Keystone Pipeline: Group Says Senior Government Officials Skewed Data To Benefit Keystone XL Pipeline

on February 18 2014 3:38 PM
American_Burying_Beetle
The American burying beetle, a critically endangered species, lives on the plains of Oklahoma, South Dakota, Nebraska and Arkansas. Creative Commons

Senior government officials inaccurately portrayed the habitat range of an endangered beetle living along the proposed Keystone XL pipeline path and retaliated against colleagues who objected, according to claims in a report released this month by Public Employees for Environmental Responsibility (PEER).

The alleged flawed data, which included a model and map based on it, was not used in assessments of the Keystone XL pipeline’s potential environmental impact.

U.S. Fish and Wildlife Service (FWS) scientists filed a complaint in May 2012 against two managers in the agency, Dixie Porter and Luke Bell, under the Department of Interior’s scientific integrity policy, according to summary reports obtained this month by PEER through Freedom of Information Act requests.

Shortly after the department began investigating in January 2013, the whistle-blowers were suspended, and Porter and Bell published a paper relying on the flawed model and map of the American burying beetle’s habitat in the open access science journal The Open Entomology. The paper was later retracted, according to FWS officials, but it remains viewable online without a note about the retraction.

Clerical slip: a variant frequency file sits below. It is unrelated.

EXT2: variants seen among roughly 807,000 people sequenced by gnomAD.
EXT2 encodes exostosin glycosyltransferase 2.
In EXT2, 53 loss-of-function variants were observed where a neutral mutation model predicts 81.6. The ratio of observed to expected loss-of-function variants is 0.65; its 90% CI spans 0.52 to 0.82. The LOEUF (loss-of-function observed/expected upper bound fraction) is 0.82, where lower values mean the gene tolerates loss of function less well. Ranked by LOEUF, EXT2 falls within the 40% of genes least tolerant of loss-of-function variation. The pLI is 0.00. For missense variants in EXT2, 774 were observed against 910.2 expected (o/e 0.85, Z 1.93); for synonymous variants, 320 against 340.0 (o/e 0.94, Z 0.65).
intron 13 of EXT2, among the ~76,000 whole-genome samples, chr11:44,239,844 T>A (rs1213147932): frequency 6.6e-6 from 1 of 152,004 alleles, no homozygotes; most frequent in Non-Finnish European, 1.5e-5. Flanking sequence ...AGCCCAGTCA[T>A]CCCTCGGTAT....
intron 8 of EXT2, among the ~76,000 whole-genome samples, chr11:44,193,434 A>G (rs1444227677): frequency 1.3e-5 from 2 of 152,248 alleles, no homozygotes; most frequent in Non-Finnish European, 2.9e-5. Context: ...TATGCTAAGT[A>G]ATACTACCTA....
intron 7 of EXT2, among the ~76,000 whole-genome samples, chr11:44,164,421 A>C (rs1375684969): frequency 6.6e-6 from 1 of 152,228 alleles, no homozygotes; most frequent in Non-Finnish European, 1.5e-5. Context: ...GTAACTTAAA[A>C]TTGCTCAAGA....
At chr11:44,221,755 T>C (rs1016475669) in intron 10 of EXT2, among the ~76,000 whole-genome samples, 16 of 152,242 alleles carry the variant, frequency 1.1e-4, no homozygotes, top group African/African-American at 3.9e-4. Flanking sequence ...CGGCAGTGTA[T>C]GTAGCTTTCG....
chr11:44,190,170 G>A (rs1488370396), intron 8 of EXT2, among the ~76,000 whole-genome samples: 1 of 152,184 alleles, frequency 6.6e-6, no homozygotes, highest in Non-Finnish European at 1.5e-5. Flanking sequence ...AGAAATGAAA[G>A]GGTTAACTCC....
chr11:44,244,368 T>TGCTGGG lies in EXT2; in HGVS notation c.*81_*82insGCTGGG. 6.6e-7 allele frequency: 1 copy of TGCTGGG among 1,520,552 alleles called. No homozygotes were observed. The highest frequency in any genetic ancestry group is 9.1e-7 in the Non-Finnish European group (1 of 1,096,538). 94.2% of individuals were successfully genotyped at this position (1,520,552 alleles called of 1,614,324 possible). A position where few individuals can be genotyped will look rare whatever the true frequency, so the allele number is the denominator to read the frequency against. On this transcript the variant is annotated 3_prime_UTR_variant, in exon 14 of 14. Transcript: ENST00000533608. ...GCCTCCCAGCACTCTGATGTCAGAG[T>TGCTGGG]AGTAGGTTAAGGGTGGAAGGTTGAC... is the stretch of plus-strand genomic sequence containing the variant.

An Interior panel found in March 2013 that Porter and Bell incorrectly reduced the boundaries of the American burying beetle by 4.5 million acres, or 25 percent, and neglected a peer review process. The three unnamed whistle-blowing scientists have yet to receive compensation for the days they were suspended or have the suspensions removed from their records.

“The FWS has been under pressure from a lot of different angles, pressure that causes them to be less protective of wildlife than [people] would say is their statutory responsibly,” Jeff Ruch, PEER’s executive director, said Tuesday. “In many cases, the wild life service has skewed science.”

One of those pressures, Ruch says, is from Congressional allies of oil and gas companies.

Bell has left FWS for a job in the oil and gas industry, and Porter is expected to resign soon.

After more complaints in late March 2013, Interior launched another investigation of Bell and Porter’s conduct, finding that the two had “knowingly impeded” the first investigation, that employees avoided giving negative feedback to management for fear of suspension, and that Bell and Porter also interfered with data collection regarding freshwater mussels. 

But months after the panel concluded that Bell and Porter had committed scientific misconduct, and more than a year after the first complaints, the supervisors had not been disciplined.

“This case is disturbing in the sense that no one seems to have thanked the biologists for their passion for good science and for the courage it took for them to report misconduct at significant risk to their professional and personal well-being,” Mary Kendall, deputy inspector general, wrote in July to FWS, requesting that immediate action be taken to discipline Bell and Porter. Kendall named FWS director Dan Ashe as part of the agency’s senior leadership responsible to take action.

Ruch says that although Interior established a scientific integrity policy in 2011, “the policy still has a lot of kinks to work out.”

“When the case was reviewed, they didn’t know what to do with it,” he said. “They didn’t know how to implement their findings. The next step is not clear.”

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